Amoeblog: As central musician/percussionist and compiler/producer of the Congo Square Project how did you oversee the recording process - IE was it tightly structured or more freeform or a combination of both that you later pieced together in post-production?

Fabian Jolivet: There are tons of great drummers/percussionist leading themselves here. Still, "Do what nobody else ever allowed you to do" was my motto. Freedom was, is the key always, let it flow, these are seasoned players [so] they almost produce themselves at all times-all you really need to do is supply the right direction & pick great studios, just gather the right kinda players in the room. Isn't that what Rudy Van Gelder did? Organizing the sessions (dates) took longer because of everybody's schedules. For instance: The fantastic Jimmy Cobb (Miles Davis) sessions took place at Levon Helm's studios in Woodstock. It took me a year to connect busy drummer Jimmy Cobb with pianist Warren Bernhardt and bassist extraordinaire Ira Coleman - the first was touring Europe; the second with Steely Dan; the third recording with Cassandra Wilson. Jimmy had just arrived from Germany, his lovely wife drove him straight from JFK, and then, it took only one hour,and, just two takes to complete it. It was all worth it 'cause Cobb was on fire, and, having him there... Levon was in heaven, especially when Joe Morello (Dave Brubeck) called me during the session's break to organize his participation & we put them drummers on a 3 way phone conversation.

Note that Levon always had a photo of Joe on his kitchen's fridge. The Levon Helm & The East Coast Gang sessions took a lot of time to organize too. But in the end, thanks to soul bro number one Steve Jordan's help and leading skills, those were also an afternoon of pure-pure joy. Recording those three tracks with Levon Helm, Hubert Sumlin, Teresa Williams, Larry Campbell and Danny 'Kootch' Kortchmar, with engineer Niko Bolas behind the desk at NYC Skyline Studios was a fantastic learning experience. [see video of session immediately below] And note that this project truly never ends. Next month we will be completing one of those Levon Helm tracks, adding the last touch to one of the session's gems, overdubbing backing vocals and fiddle with my friends The Mastersons from Texas.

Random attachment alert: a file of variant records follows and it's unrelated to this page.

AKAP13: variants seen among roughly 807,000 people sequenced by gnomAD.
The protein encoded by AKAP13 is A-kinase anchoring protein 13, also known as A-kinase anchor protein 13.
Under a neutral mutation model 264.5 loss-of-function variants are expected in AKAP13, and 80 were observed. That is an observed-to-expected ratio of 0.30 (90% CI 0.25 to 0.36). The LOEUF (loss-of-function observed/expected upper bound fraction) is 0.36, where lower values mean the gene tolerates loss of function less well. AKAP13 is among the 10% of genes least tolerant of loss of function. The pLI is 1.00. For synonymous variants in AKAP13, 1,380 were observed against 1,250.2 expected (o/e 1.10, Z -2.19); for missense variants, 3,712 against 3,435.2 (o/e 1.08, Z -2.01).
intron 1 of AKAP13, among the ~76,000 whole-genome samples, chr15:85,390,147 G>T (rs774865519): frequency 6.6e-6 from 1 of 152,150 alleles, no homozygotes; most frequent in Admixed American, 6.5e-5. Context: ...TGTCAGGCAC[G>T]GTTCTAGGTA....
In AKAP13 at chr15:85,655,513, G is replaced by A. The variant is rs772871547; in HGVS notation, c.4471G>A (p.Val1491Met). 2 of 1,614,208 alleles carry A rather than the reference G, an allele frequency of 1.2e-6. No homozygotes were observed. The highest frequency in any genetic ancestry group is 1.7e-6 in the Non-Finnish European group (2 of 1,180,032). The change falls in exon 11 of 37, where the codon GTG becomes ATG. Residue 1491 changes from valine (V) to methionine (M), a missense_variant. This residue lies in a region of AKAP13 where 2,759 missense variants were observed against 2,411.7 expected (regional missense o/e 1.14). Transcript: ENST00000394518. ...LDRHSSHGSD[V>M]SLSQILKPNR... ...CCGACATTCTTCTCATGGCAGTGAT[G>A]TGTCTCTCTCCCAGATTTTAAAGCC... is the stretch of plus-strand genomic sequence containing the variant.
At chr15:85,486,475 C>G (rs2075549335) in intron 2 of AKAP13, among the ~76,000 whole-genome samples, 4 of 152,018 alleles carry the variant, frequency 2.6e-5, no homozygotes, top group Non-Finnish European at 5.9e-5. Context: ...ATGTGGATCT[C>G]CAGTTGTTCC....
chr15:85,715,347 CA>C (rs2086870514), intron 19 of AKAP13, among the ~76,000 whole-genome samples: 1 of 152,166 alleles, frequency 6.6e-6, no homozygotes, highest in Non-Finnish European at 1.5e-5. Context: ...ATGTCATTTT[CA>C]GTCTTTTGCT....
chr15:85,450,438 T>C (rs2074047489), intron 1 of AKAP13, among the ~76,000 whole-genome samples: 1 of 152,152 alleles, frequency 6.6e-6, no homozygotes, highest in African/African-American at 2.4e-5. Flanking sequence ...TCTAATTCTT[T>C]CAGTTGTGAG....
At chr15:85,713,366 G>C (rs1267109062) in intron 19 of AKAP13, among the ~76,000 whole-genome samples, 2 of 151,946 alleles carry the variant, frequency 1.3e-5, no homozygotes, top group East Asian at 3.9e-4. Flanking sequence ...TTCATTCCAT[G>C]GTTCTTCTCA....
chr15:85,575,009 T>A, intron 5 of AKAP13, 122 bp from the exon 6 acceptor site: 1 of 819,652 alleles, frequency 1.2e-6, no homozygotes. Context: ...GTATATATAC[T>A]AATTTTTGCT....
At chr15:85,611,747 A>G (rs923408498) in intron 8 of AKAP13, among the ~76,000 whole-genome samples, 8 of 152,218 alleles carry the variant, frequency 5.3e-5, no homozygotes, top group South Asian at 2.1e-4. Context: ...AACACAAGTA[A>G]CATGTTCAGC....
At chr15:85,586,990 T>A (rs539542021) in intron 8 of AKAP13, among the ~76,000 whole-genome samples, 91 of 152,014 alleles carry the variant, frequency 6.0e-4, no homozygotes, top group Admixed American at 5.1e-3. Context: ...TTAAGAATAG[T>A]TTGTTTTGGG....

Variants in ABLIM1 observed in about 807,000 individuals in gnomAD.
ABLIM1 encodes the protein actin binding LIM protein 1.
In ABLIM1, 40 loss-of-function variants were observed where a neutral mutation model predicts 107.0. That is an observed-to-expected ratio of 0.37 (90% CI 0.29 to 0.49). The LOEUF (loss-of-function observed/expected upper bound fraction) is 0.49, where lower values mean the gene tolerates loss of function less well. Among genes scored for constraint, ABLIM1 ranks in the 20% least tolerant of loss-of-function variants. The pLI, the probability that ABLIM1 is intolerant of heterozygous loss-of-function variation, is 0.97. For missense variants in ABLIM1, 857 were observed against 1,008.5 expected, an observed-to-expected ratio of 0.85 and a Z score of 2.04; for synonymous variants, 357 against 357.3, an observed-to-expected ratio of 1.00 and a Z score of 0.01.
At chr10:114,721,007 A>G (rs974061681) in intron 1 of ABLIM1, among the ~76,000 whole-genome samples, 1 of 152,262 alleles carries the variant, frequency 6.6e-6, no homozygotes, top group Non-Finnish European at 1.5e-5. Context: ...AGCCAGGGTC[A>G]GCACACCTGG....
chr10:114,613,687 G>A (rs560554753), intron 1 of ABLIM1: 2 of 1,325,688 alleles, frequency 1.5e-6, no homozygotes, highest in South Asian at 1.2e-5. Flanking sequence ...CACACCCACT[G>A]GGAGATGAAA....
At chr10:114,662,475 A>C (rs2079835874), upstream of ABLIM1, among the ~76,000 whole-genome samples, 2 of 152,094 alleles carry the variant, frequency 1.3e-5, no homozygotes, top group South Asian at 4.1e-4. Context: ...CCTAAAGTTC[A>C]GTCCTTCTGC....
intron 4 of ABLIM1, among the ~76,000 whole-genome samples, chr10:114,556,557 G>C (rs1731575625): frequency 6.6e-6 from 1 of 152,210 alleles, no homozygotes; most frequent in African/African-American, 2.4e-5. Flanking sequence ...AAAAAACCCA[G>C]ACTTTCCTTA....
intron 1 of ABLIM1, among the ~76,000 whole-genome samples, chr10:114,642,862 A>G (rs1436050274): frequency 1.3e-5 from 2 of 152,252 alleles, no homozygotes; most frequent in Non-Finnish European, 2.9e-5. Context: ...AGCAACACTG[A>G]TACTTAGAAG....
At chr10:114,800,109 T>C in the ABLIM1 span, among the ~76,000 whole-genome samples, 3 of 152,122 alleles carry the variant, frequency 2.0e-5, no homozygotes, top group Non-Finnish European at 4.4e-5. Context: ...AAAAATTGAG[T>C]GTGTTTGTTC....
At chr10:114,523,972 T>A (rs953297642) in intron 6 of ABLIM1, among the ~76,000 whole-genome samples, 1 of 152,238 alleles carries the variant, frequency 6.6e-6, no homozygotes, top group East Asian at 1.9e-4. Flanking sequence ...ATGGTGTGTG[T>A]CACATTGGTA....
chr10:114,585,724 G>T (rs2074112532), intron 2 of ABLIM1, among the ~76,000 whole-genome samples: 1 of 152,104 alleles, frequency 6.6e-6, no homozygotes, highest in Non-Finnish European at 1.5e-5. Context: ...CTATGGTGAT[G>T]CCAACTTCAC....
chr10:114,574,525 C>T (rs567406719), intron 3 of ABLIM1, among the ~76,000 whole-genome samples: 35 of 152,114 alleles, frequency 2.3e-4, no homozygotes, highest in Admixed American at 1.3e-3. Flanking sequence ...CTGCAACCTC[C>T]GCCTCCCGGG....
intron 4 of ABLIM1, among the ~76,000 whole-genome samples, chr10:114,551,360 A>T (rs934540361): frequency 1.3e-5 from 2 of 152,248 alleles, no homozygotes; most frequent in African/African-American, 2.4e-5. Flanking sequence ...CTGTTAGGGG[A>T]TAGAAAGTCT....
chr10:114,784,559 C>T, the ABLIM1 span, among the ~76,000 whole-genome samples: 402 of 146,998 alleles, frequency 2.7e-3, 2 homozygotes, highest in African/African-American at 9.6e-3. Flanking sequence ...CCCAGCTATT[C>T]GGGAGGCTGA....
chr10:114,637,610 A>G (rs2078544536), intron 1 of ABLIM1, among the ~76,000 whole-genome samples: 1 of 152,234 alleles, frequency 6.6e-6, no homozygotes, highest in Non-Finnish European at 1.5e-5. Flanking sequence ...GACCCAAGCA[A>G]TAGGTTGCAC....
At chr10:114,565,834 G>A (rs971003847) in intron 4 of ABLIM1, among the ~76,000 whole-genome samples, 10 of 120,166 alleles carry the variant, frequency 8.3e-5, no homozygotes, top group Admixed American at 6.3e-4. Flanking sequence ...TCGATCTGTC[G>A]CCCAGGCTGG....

Amoeblog:  What would you like the average listener to get from this project?

Fabian Jolivet: Honestly? I would like people to switch off their TV sets, computers, and those bloody cellphones for a while. Offer them to sit down on a park bench or lay down on a carpet to listen to music once again, the way it used to be, and let it all transport them to another dimension, to escape away from this world.

Amoeblog: What plans do you have for the upcoming installments in the series?

Fabian Jolivet: We are completing a couple of tracks; currently mixing Saints At Congo Square Vol. 2 and Drummers United (with a little help from our friends) volume 1. We started to remix some key tracks to be able to reach out to the younger generation. Already contacted a couple of interesting, well know DJ's and beat poets [and] would like this opportunity to invite more of them to volunteer to remix and recite
poetry-spoken word over rhythm legends such as James Gadson, Earl Palmer, John Boudreaux, Clayton Cameron, Clive Bunker, Airto Moreira, Pete Lockett, Bill Bruford,etc. [and am] really looking forward to that wild experiment and to working with Karen Pearson and the whole of Amoeba Music's staff to make this a success: gather the long overdue attention from the press and collect needed funds for The New Orleans Musicians Clinic & Co.

Post script: Sadly several of the percussion legends/participants have passed away since starting this project: Louie Bellson, Earl Palmer, Joe Morello, Richie Hayward, John Brunious, Bernard Bunchy Johnson, Uncle Lionel Batiste, Hubert Sumlin, and Levon Helm. Also, Mitch Mitchell was about to record his contribution when he passed away. I would like to dedicate this project to their soulful musical souls.  Levon Helm once said to me: "Fabs, thanks for what you are doing for New Orleans" - as he slipped a joint in my pocket. "Please, Never, Never, Never give up, OK?"


Amoeba Music is offering you a Free Download  of "Shallow Water" by The Young Guardians of the Flame. You can purchase a download of the entire first volume for only $5.98 with all the proceeds are going directly to NOLA. And in the next Amoeblog installment leading up to Fat Tuesday we are looking forward to even more great music with another free download. So check back here.
And meantime check out the CongoSquareProject website

Relevant Tags

Fabian Jolovet (2), Dirty Dozen Brass Band (4), Fat Tuesday (19), New Orleans (56), Congo Square Project (3), Rhythm & Blues (4), Mardi Gras (24), Fat Tuesday At Amoeba (2)